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The instant I entered the sheep house, all two hundred sheep turned in my direction. Half the sheep stood, the other half lay on the hay spread over their pen floors. Their eyes were an unnatural blue, looking like tiny wellsprings flowing from the sides of their faces. They shone like glass eyes which reflected light from straight on. They all stared at me. Not one budged. A few continued munching away on the grass in their mouth, but there was no other sound. A few, their heads protruding from their pens, had stopped drinking water and had frozen in place, fixing their eyes on me. They seemed to think as a group. Had my standing in the entrance momentarily interrupted their unified thinking? Everything stopped, all judgement on hold.[1]

I don’t know, but often this is what it feels like to just walk into a room. This phenomenon gets worse in public places – except on the Underground, where everyone tries their best not to notice anything but their stop, but that’s a story for a different time. Hell; I’m guilty of this myself. Oh, who’s that? I don’t know that person. Do I…? No… Should I…? Nah…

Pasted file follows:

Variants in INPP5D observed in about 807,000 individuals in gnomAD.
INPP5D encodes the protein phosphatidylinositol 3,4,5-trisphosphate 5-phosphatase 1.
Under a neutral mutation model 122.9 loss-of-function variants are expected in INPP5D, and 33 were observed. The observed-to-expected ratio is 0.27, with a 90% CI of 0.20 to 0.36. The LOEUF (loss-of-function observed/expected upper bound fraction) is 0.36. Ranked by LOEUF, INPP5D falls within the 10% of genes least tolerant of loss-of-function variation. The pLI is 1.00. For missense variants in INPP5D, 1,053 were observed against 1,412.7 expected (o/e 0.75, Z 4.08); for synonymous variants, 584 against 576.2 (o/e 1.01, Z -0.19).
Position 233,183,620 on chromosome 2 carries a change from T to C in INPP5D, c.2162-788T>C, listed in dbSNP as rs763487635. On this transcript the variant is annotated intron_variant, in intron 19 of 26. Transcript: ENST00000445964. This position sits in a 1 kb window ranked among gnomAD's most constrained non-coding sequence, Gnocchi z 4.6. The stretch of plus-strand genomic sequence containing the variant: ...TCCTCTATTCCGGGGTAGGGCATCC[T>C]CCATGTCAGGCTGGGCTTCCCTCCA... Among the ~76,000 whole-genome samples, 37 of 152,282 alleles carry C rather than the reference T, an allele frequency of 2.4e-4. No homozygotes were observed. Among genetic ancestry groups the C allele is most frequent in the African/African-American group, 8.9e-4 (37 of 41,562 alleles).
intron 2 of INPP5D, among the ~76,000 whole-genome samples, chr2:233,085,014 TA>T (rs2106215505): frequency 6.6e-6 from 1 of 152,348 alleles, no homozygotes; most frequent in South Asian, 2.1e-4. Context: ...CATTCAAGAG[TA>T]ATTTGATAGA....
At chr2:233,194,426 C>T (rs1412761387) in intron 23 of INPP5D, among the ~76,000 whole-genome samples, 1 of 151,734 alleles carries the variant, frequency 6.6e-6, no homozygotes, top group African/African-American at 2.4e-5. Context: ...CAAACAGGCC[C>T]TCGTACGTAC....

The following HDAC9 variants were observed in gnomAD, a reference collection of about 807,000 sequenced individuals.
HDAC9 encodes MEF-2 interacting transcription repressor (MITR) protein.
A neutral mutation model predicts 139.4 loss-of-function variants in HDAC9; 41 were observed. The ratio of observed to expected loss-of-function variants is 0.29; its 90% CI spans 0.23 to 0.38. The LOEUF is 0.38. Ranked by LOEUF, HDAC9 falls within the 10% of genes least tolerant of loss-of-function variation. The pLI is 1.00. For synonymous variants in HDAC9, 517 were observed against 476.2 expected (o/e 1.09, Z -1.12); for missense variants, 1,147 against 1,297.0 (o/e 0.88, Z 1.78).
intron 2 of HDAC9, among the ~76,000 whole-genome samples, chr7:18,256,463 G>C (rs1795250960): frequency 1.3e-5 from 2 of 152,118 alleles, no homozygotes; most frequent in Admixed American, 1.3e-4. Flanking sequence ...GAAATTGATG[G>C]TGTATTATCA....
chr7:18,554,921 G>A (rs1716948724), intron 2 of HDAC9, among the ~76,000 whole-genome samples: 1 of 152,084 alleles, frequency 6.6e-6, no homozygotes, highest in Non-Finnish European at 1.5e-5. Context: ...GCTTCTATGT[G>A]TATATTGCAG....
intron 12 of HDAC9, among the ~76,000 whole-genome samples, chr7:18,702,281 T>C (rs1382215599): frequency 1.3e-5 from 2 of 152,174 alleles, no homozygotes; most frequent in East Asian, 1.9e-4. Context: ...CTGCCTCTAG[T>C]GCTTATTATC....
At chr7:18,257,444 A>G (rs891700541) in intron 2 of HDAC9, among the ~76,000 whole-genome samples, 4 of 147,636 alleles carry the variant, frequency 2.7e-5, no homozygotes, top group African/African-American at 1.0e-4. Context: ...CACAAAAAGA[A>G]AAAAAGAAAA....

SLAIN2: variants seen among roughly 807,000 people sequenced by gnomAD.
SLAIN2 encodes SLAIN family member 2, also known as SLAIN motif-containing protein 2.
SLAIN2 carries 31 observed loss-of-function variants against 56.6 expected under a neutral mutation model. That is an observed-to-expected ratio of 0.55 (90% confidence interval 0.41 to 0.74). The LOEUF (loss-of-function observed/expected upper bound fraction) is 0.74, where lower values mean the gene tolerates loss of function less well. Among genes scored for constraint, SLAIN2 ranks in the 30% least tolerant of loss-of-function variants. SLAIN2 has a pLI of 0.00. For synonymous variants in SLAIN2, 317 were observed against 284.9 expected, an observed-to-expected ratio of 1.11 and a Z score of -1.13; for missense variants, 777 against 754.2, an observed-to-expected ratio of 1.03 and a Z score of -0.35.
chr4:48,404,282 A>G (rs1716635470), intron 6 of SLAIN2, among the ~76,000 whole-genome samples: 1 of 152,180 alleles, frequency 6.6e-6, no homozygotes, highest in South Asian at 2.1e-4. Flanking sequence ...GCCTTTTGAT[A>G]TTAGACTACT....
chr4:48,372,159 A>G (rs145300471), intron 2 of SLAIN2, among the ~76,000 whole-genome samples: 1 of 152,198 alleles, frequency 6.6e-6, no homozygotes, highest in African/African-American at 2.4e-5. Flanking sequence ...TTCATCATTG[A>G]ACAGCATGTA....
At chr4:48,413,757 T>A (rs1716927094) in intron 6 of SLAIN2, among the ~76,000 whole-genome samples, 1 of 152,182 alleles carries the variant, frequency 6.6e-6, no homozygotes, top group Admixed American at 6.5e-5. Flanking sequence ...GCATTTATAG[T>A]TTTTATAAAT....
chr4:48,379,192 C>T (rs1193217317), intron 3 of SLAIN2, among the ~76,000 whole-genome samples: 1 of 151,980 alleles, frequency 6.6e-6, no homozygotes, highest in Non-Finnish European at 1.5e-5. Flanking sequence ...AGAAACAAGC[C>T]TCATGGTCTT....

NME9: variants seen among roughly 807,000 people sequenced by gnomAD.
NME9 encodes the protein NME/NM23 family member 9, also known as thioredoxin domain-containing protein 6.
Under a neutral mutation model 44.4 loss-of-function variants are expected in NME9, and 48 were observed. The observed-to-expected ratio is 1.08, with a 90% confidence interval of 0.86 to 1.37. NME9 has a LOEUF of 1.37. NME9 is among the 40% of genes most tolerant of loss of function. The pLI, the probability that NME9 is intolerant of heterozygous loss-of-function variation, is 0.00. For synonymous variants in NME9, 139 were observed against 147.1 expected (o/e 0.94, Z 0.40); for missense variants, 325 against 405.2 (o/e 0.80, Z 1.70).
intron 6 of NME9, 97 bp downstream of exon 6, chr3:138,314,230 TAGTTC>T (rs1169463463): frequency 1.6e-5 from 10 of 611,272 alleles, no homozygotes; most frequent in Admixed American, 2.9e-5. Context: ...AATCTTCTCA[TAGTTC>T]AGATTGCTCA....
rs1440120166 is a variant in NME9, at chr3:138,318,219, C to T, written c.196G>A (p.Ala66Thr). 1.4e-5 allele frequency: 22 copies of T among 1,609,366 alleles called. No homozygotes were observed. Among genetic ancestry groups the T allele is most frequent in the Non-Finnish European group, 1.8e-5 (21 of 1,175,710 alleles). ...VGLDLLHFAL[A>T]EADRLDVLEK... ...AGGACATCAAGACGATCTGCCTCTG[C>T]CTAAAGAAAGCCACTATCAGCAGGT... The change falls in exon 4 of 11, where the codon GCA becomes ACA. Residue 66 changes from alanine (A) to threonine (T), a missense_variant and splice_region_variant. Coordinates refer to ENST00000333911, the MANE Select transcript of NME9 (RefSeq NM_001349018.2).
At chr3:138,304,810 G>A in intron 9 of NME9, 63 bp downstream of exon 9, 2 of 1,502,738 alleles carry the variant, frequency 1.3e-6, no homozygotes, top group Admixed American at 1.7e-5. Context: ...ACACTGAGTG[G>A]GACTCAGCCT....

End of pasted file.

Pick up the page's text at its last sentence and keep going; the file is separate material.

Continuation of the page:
This way you’ll get to do the introductions after three hours of awkwardly avoiding each other’s gazes. It’s great fun. Trust me, I’ve got a degree.

Also, don’t rub your eyes after chopping chili peppers. You’re gonna have a bad time.

[1] Haruki Murakami, A Wild Sheep Chase (1982; London, 2003), 219.